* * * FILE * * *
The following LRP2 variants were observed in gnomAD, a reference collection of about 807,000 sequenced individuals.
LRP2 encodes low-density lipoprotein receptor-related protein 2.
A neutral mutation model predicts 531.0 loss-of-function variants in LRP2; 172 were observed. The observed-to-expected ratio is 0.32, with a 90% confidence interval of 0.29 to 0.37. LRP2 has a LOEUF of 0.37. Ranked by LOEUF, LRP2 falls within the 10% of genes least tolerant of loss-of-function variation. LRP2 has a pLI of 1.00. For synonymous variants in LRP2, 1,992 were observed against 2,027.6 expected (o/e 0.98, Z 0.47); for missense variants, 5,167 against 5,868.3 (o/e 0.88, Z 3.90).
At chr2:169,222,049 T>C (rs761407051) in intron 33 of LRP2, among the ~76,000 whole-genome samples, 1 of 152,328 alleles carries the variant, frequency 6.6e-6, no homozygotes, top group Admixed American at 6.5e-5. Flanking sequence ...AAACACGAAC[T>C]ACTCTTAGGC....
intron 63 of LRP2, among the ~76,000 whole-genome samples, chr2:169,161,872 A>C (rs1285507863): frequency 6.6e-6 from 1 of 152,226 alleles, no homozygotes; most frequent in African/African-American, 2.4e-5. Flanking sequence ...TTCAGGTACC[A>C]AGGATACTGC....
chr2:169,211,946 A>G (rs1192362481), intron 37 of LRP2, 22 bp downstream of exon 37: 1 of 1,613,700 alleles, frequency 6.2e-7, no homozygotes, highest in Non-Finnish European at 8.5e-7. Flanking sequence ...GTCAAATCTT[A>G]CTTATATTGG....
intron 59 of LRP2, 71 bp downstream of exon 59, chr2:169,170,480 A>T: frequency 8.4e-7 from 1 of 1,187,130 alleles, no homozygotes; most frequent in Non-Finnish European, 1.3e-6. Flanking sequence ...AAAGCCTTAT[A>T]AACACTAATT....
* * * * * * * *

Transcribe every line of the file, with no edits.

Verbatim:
The following LRP2 variants were observed in gnomAD, a reference collection of about 807,000 sequenced individuals.
LRP2 encodes low-density lipoprotein receptor-related protein 2.
A neutral mutation model predicts 531.0 loss-of-function variants in LRP2; 172 were observed. The observed-to-expected ratio is 0.32, with a 90% confidence interval of 0.29 to 0.37. LRP2 has a LOEUF of 0.37. Ranked by LOEUF, LRP2 falls within the 10% of genes least tolerant of loss-of-function variation. LRP2 has a pLI of 1.00. For synonymous variants in LRP2, 1,992 were observed against 2,027.6 expected (o/e 0.98, Z 0.47); for missense variants, 5,167 against 5,868.3 (o/e 0.88, Z 3.90).
At chr2:169,222,049 T>C (rs761407051) in intron 33 of LRP2, among the ~76,000 whole-genome samples, 1 of 152,328 alleles carries the variant, frequency 6.6e-6, no homozygotes, top group Admixed American at 6.5e-5. Flanking sequence ...AAACACGAAC[T>C]ACTCTTAGGC....
intron 63 of LRP2, among the ~76,000 whole-genome samples, chr2:169,161,872 A>C (rs1285507863): frequency 6.6e-6 from 1 of 152,226 alleles, no homozygotes; most frequent in African/African-American, 2.4e-5. Flanking sequence ...TTCAGGTACC[A>C]AGGATACTGC....
chr2:169,211,946 A>G (rs1192362481), intron 37 of LRP2, 22 bp downstream of exon 37: 1 of 1,613,700 alleles, frequency 6.2e-7, no homozygotes, highest in Non-Finnish European at 8.5e-7. Flanking sequence ...GTCAAATCTT[A>G]CTTATATTGG....
intron 59 of LRP2, 71 bp downstream of exon 59, chr2:169,170,480 A>T: frequency 8.4e-7 from 1 of 1,187,130 alleles, no homozygotes; most frequent in Non-Finnish European, 1.3e-6. Flanking sequence ...AAAGCCTTAT[A>T]AACACTAATT....